An invitation for the Beatles to perform for the first live international satellite TV broadcast in June 1967, to a global audience of four hundred million, provided the perfect opportunity to promote his new theme to the world. Having fallen for his own publicity, John embarked on a mega-mission, to 'improve humanity'. This decision, however deluded, inspired the song they performed for that historic broadcast, 'All You Need is Love'. You want to save the world? Fit your own oxygen mask first. For what else is love but the wanting of it?

His stance chimed uncomfortably with the personality trait that had long kept him sane: his inherent cynicism. He clung to it nonetheless, a limpet to a rock, until Yoko Ono arrived and personified it. Despite both the world's and the Beatles' rejection of this curious interloper, she was his constant, his one true thing. Into the sunset they strode hand in hand, in search of world peace.

They would never get away with it today. But those were different, pre-politically correct times. One could still denounce the self-serving great and good and expose them for corruption, and go unpunished. John the peace-seeking missile hailed the human imagination as the key to salvation both collective and individual. His most famous, best-loved song, 'Imagine', took the three hottest taboo subjects, religion, patriotism and materialism, and encouraged us to consider them from alternative perspectives. In the absence of heaven and hell - it's easy if you try - there would be no fear of repercussion in the afterlife. Without frontiers - it isn't hard to do - we'd become citizens of the world, and could choose to live more harmoniously. As for overcoming our materialism - I wonder if you can - wouldn't the world be a better place if we could do what we were taught to do as children, and simply share?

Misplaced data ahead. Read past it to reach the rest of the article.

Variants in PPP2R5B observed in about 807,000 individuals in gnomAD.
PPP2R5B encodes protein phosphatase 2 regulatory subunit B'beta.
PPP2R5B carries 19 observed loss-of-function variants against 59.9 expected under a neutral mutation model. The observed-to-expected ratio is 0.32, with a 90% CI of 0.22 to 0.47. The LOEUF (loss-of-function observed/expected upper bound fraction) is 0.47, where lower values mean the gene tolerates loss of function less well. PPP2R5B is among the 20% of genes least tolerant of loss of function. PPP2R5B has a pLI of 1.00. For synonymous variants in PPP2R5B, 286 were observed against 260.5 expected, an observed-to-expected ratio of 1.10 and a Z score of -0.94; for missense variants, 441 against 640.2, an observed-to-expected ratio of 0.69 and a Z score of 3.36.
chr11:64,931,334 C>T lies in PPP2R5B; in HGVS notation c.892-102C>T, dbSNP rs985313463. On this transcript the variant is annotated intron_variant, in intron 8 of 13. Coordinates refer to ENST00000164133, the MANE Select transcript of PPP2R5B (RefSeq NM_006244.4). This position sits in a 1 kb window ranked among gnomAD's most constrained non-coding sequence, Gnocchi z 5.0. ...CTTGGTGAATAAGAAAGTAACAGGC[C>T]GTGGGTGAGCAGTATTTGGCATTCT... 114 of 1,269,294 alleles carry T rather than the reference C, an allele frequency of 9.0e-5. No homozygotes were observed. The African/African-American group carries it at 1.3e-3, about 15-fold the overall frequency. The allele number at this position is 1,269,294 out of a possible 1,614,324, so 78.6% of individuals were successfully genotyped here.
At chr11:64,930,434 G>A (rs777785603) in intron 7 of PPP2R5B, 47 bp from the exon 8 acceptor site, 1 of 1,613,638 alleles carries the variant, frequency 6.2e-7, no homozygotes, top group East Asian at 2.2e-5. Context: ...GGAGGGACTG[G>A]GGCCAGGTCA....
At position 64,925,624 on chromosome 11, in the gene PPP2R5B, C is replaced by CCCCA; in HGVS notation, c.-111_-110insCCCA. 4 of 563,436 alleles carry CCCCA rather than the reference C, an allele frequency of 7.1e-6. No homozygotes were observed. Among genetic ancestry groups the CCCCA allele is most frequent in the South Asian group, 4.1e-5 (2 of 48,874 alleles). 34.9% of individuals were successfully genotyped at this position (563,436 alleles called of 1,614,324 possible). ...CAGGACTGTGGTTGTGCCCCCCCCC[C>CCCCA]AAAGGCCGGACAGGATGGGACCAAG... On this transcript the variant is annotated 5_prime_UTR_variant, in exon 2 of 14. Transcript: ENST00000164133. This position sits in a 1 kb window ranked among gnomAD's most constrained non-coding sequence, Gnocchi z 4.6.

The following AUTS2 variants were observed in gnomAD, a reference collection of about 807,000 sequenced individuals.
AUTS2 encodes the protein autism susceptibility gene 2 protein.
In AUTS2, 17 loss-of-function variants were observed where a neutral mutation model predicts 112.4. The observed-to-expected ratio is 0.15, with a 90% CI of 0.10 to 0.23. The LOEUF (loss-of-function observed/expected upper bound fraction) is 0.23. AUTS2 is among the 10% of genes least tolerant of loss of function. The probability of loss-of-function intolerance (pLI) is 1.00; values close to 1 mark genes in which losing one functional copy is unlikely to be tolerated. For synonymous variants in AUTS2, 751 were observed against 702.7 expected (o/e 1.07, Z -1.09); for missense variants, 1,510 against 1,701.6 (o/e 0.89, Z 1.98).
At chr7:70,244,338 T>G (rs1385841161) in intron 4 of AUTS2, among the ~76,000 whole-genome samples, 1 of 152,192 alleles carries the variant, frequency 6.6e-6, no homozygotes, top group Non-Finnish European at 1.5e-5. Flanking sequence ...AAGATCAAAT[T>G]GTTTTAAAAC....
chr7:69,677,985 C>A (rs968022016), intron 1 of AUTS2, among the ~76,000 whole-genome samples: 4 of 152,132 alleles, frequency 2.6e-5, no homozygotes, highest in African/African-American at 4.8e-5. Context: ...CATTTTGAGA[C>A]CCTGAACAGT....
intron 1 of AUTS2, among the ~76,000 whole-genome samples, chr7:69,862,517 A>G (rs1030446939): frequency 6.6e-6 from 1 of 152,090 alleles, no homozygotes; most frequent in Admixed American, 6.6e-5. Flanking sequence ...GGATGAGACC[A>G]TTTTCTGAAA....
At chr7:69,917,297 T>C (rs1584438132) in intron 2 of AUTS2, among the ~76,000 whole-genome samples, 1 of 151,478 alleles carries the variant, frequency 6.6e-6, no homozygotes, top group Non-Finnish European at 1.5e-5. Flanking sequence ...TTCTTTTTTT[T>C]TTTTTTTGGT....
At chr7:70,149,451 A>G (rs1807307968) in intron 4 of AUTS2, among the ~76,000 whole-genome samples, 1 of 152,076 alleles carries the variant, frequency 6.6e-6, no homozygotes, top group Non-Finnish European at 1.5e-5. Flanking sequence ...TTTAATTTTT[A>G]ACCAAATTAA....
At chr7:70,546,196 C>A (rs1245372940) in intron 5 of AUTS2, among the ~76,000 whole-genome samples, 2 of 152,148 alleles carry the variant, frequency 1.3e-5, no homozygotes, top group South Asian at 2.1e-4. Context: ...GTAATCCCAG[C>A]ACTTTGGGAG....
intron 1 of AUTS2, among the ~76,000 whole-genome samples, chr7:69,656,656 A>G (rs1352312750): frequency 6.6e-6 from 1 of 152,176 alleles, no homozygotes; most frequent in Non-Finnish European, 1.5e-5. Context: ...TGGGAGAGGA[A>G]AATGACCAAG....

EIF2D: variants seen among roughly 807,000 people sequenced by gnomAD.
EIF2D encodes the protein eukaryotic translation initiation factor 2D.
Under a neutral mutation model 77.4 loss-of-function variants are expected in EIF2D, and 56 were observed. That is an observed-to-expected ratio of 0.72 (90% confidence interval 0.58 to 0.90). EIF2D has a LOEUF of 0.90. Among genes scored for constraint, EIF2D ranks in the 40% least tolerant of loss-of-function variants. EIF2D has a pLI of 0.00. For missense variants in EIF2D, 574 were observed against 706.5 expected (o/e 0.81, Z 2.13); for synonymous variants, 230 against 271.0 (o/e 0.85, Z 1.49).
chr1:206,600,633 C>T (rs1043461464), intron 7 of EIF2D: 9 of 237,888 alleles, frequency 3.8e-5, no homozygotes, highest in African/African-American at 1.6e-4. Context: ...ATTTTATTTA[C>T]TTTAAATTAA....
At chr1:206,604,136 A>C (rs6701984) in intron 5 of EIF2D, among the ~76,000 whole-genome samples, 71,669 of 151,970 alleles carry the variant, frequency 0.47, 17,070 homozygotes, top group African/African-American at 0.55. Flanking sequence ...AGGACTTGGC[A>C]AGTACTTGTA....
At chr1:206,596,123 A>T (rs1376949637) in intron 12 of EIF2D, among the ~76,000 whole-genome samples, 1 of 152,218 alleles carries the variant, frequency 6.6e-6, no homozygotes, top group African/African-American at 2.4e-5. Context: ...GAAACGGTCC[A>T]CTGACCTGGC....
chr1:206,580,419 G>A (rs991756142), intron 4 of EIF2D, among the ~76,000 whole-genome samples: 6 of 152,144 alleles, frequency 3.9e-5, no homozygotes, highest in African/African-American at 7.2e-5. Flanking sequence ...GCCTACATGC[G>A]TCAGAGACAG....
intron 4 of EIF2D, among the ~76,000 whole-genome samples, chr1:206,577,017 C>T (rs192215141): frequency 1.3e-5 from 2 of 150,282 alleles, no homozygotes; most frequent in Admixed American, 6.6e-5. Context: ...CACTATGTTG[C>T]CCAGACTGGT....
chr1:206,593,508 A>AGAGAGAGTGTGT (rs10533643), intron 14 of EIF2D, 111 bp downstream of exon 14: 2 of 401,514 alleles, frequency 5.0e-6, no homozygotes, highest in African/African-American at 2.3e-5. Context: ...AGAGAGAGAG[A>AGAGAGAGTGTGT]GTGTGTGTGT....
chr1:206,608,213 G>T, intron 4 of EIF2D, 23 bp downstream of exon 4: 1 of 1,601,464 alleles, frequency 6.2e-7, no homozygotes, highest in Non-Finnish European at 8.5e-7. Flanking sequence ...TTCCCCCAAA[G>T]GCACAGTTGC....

'Imagine' was the distillation of everything that had hitherto preoccupied John Lennon. It reached for the stars in its attempt to inspire people from all walks of life, all over the world, and to transcend barriers of every kind. It succeeded, to a point, but was idealistic in the extreme. Look at us now.

Convicted assassin Mark Chapman aside, who, or what, really killed John Lennon? And when did the 'real' John Lennon die? For what is clear is that the four bullets which penetrated his body that fateful night in New York City on 8th December 1980 were just, so to speak, the final nail.